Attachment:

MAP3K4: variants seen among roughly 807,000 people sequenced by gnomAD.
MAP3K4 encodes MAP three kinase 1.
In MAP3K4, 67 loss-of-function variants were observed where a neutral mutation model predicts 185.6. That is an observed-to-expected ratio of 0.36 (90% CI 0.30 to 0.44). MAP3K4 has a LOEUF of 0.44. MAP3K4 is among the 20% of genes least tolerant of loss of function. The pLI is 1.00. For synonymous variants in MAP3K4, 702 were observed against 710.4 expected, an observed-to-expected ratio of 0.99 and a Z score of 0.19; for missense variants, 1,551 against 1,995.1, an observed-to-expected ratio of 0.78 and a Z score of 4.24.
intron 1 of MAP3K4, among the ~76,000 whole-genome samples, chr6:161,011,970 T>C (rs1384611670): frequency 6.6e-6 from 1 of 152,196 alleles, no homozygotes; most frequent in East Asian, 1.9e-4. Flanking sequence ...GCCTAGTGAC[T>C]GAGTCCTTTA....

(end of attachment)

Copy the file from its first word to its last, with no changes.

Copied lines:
MAP3K4: variants seen among roughly 807,000 people sequenced by gnomAD.
MAP3K4 encodes MAP three kinase 1.
In MAP3K4, 67 loss-of-function variants were observed where a neutral mutation model predicts 185.6. That is an observed-to-expected ratio of 0.36 (90% CI 0.30 to 0.44). MAP3K4 has a LOEUF of 0.44. MAP3K4 is among the 20% of genes least tolerant of loss of function. The pLI is 1.00. For synonymous variants in MAP3K4, 702 were observed against 710.4 expected, an observed-to-expected ratio of 0.99 and a Z score of 0.19; for missense variants, 1,551 against 1,995.1, an observed-to-expected ratio of 0.78 and a Z score of 4.24.
intron 1 of MAP3K4, among the ~76,000 whole-genome samples, chr6:161,011,970 T>C (rs1384611670): frequency 6.6e-6 from 1 of 152,196 alleles, no homozygotes; most frequent in East Asian, 1.9e-4. Flanking sequence ...GCCTAGTGAC[T>C]GAGTCCTTTA....